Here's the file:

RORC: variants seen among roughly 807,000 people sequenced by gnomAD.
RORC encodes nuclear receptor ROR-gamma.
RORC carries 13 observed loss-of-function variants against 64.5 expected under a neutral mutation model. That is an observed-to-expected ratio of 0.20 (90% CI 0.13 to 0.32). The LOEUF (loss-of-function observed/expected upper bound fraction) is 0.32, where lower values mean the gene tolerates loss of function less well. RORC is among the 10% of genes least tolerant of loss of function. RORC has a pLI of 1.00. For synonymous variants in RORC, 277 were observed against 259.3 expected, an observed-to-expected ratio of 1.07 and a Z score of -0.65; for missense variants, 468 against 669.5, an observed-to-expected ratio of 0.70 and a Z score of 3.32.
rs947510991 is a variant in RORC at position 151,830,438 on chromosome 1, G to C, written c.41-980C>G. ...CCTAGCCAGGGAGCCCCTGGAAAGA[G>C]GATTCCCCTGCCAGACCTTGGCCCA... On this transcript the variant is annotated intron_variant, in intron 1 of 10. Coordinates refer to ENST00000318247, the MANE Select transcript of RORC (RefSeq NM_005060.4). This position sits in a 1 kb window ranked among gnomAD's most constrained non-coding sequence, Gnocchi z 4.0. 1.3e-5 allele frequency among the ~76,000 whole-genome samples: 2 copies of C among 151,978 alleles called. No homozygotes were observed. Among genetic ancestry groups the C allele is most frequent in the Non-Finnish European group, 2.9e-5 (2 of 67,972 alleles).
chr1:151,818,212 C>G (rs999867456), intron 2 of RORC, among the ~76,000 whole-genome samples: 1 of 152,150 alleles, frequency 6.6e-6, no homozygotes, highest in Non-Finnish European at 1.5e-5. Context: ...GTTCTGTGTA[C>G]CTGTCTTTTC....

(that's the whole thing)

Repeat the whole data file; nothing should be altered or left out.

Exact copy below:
RORC: variants seen among roughly 807,000 people sequenced by gnomAD.
RORC encodes nuclear receptor ROR-gamma.
RORC carries 13 observed loss-of-function variants against 64.5 expected under a neutral mutation model. That is an observed-to-expected ratio of 0.20 (90% CI 0.13 to 0.32). The LOEUF (loss-of-function observed/expected upper bound fraction) is 0.32, where lower values mean the gene tolerates loss of function less well. RORC is among the 10% of genes least tolerant of loss of function. RORC has a pLI of 1.00. For synonymous variants in RORC, 277 were observed against 259.3 expected, an observed-to-expected ratio of 1.07 and a Z score of -0.65; for missense variants, 468 against 669.5, an observed-to-expected ratio of 0.70 and a Z score of 3.32.
rs947510991 is a variant in RORC at position 151,830,438 on chromosome 1, G to C, written c.41-980C>G. ...CCTAGCCAGGGAGCCCCTGGAAAGA[G>C]GATTCCCCTGCCAGACCTTGGCCCA... On this transcript the variant is annotated intron_variant, in intron 1 of 10. Coordinates refer to ENST00000318247, the MANE Select transcript of RORC (RefSeq NM_005060.4). This position sits in a 1 kb window ranked among gnomAD's most constrained non-coding sequence, Gnocchi z 4.0. 1.3e-5 allele frequency among the ~76,000 whole-genome samples: 2 copies of C among 151,978 alleles called. No homozygotes were observed. Among genetic ancestry groups the C allele is most frequent in the Non-Finnish European group, 2.9e-5 (2 of 67,972 alleles).
chr1:151,818,212 C>G (rs999867456), intron 2 of RORC, among the ~76,000 whole-genome samples: 1 of 152,150 alleles, frequency 6.6e-6, no homozygotes, highest in Non-Finnish European at 1.5e-5. Context: ...GTTCTGTGTA[C>G]CTGTCTTTTC....